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Light brands scoop up heavy sales in soft but sweet ice cream market.

Light Brands Scoop Up Heavy Sales In Soft But Sweet Ice Cream Market

The next area of major development in frozen ice cream related desserts will be in so-called "light brands" or low calorie and low cholesterol products. This category, which did $120 million in volume during 1988, is expected to double within the next few years.

The prognostication was made by Tim Murphy, director of sales planning and development for Kraft Inc. Dairy Group, at the 34th Frozen Food Show of The Eastern Frosted Foods Association in East Rutherford, N.J., U.S.A. He was leading a seminar themed "Ice Cream Merchandising for Tomorrow."

In the past nine years the big growth in the ice cream field in the United States - now valued at over $10 billion - has been spearheaded by the introduction of a wide variety of high quality, single-serve novelties that succeeded in elevating the category out of the children's preserve and into a staple area for adults.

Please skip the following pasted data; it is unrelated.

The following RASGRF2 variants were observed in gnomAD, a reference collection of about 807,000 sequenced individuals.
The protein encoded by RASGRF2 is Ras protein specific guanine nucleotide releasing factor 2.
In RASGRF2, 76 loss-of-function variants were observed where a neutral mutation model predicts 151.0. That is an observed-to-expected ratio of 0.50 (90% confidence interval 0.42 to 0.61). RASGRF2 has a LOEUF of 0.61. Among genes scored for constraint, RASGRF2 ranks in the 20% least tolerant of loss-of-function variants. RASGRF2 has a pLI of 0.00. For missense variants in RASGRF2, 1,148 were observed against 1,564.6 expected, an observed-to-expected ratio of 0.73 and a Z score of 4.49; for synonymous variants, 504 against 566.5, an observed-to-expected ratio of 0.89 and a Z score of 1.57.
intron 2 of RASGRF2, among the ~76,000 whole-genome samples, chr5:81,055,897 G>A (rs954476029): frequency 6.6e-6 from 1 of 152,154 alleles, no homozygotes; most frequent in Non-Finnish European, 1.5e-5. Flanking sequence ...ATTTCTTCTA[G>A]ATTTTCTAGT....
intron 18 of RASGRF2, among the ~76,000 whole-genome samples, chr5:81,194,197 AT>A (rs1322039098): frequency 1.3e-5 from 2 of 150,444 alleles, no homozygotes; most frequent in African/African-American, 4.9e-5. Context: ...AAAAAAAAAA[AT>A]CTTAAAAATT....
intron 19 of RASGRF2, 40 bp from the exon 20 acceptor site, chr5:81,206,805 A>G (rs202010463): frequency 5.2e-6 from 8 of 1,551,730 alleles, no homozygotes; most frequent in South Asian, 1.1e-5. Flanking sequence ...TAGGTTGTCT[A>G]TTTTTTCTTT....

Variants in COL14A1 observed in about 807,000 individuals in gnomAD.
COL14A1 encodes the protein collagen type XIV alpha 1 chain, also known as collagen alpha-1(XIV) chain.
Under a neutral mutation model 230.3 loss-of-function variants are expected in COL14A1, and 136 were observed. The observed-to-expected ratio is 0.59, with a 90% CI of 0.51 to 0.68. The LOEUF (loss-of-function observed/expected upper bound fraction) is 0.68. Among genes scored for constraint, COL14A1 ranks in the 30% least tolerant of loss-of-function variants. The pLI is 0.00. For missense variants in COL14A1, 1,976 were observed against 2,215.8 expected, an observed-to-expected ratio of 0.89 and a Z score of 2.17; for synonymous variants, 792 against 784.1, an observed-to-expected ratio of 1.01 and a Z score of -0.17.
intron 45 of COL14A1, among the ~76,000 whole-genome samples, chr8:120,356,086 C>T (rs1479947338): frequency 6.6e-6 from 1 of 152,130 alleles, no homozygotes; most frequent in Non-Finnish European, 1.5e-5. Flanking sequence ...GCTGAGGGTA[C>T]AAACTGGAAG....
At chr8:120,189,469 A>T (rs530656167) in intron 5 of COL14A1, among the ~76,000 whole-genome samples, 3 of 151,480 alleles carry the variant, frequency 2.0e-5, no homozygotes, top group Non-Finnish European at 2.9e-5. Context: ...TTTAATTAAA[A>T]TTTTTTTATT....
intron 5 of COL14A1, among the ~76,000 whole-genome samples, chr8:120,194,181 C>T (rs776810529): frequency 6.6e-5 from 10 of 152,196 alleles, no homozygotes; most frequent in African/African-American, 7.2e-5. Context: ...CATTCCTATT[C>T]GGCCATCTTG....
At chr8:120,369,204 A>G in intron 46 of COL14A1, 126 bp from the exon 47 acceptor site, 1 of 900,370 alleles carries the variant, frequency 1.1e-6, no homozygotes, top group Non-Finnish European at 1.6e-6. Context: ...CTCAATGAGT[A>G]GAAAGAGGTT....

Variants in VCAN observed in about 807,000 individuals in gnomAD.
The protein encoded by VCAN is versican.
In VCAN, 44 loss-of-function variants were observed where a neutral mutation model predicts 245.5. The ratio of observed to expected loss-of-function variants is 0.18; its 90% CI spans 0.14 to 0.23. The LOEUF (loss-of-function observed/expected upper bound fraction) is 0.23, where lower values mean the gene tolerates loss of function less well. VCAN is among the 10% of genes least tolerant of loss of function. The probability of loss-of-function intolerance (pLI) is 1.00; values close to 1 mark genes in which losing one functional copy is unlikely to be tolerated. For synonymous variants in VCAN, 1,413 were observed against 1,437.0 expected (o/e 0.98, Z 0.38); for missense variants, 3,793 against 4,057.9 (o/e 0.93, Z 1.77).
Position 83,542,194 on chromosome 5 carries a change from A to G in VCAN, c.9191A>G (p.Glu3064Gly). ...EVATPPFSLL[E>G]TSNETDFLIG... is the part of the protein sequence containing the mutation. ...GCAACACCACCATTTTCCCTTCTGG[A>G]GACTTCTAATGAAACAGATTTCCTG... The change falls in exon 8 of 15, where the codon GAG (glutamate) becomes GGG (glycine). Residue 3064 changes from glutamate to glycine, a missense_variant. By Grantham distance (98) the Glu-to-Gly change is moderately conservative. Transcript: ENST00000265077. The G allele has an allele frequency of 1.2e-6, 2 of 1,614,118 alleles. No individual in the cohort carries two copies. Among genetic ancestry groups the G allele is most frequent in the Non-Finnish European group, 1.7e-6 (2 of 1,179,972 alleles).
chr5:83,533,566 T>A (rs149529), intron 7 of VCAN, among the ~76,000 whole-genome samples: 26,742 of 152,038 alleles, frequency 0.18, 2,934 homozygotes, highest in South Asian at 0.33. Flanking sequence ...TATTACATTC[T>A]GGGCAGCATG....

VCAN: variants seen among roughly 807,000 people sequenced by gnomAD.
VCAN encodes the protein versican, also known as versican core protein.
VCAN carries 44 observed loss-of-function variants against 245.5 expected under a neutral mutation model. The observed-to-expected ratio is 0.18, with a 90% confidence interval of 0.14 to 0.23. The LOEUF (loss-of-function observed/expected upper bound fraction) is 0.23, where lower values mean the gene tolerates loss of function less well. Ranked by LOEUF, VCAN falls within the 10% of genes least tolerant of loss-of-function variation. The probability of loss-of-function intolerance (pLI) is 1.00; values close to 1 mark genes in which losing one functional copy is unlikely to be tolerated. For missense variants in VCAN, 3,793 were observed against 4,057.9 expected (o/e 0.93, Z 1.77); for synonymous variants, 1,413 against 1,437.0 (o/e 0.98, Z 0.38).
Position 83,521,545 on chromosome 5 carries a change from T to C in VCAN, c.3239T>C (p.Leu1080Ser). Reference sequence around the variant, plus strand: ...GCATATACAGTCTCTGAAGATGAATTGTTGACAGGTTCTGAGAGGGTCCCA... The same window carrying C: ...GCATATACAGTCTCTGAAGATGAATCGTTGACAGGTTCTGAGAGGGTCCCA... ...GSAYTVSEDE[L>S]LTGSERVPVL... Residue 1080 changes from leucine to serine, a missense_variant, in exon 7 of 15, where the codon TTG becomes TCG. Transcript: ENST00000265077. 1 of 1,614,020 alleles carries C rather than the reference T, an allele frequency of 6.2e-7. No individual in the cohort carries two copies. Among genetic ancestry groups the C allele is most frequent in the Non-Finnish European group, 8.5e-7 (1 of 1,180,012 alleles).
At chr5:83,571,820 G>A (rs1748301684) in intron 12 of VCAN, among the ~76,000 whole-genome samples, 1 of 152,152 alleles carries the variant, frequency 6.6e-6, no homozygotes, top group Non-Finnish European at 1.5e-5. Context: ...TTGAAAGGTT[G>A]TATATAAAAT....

Almost at the same time, high quality, high butterfat and high priced ice cream in packages established itself as a major part of the market, giving the consumer a choice other than various quality levels of half gallons (the biggest selling size portion in North America).

In addition to the advertised brands, this segment has long attracted private label interest from retailers. While some have used their store's name on own label, many have selected exotic sounding names and utilized upscale packaging to produce products that give not the slightest hint in appearance or quality to be anything other than an advertised brand.

Citing running A.C. Nielsen Co. surveys, Murphy reported that sales of almost all categories of frozen ice cream type desserts have leveled off (indeed, novelties slipped 1.2% in 1988 to $1.75 billion). "Light brands, which are displaying previously unsuspected strength with peaking nowhere in sight, are the exception."

Health concerns of the public have become a major factor in the sale of all foods today, not just ice cream. The marketplace fallout has been so great that some hard-hit farmers are reportedly feeding their chickens special diets so that they produce eggs with 20% less cholesterol than regular eggs and sell for about 20% more.